Picture: ISTOCK
Picture: ISTOCK

The announcement last week by asset manager Sygnia that it will donate the management fees from two of its new unit trusts to corruption-busting organisations passed almost unnoticed. But Sygnia’s move has deep significance for how other companies navigate a toxic operating environment of captured politicians, fatally weakened institutions of accountability and compromised regulators.

CEO Magda Wierzycka says the courts “have become the last guardians of our constitution and democracy”, aided by journalists and a phalanx of nongovernment institutions (that are notoriously cash strapped). So Sygnia will be donating its fees to groups like Corruption Watch, journalists and organisations like the Ahmed Kathrada Foundation.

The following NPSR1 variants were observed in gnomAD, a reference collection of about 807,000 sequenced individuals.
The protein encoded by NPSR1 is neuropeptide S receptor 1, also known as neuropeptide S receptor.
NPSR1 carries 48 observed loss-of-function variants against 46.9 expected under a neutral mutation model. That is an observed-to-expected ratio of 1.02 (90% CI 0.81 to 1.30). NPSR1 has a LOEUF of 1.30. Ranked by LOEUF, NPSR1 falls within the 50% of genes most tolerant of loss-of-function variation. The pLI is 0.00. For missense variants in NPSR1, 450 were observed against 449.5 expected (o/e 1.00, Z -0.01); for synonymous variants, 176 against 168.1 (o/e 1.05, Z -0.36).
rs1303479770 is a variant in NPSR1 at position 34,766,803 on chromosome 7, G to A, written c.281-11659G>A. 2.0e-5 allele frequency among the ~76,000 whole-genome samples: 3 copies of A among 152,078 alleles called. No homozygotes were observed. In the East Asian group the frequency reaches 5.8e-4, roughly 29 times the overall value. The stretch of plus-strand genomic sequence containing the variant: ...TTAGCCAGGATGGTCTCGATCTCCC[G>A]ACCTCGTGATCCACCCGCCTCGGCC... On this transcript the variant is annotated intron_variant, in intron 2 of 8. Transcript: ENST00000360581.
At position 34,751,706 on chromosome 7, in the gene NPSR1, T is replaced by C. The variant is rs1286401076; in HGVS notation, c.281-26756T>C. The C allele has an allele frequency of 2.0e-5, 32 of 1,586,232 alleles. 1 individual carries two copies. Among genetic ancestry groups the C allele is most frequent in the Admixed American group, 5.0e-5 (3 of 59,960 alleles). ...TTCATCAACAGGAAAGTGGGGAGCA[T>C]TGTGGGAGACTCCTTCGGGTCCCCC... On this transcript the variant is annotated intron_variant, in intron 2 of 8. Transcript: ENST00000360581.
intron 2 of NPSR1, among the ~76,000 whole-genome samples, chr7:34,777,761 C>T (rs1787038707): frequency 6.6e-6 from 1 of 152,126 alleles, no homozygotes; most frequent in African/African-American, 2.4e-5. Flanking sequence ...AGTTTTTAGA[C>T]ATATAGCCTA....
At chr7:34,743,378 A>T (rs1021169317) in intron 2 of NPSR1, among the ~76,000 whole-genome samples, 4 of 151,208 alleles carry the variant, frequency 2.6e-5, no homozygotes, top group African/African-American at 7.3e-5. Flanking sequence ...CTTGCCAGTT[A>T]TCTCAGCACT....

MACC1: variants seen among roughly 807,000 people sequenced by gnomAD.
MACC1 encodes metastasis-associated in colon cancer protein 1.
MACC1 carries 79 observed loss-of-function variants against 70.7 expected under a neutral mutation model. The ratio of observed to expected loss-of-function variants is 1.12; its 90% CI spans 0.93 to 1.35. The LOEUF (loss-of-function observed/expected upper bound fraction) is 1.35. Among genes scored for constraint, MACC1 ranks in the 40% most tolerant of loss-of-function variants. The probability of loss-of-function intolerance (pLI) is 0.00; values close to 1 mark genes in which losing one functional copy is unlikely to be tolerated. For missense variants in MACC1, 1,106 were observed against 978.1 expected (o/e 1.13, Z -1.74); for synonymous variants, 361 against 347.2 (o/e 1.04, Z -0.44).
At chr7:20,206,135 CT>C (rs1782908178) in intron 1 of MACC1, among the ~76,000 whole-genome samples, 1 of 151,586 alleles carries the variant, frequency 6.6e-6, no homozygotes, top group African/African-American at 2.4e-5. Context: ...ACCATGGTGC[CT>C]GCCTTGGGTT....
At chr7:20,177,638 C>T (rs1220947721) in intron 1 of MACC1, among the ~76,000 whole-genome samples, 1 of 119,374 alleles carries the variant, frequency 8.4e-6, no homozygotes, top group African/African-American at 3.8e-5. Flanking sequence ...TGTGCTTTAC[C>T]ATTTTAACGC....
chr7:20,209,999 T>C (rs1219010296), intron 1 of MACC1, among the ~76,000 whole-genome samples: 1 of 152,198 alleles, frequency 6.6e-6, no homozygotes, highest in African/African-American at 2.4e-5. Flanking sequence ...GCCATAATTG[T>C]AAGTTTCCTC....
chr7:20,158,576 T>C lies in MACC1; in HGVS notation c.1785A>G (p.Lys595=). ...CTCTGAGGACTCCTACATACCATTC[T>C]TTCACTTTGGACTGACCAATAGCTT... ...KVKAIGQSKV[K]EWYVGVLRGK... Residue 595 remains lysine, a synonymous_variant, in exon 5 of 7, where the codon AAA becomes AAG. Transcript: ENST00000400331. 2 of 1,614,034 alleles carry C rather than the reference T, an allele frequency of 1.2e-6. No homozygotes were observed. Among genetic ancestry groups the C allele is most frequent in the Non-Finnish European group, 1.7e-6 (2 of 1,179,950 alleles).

Cynics will say it’s a savvy marketing tactic. But it’s far more than that. It’s a call to arms for all other investment firms to step up to the moment.

Wierzycka points out there is R300bn invested in money market unit trusts alone. Management fees on those funds, assuming an average of between 0.5% and 1%, are between R1.5bn and R3bn.

If companies are looking for a chance to do more than simply bemoan an unstable world of fake news in which “white monopoly capital” rhetoric is trotted out to justify every crackpot policy, Sygnia has shown the way.

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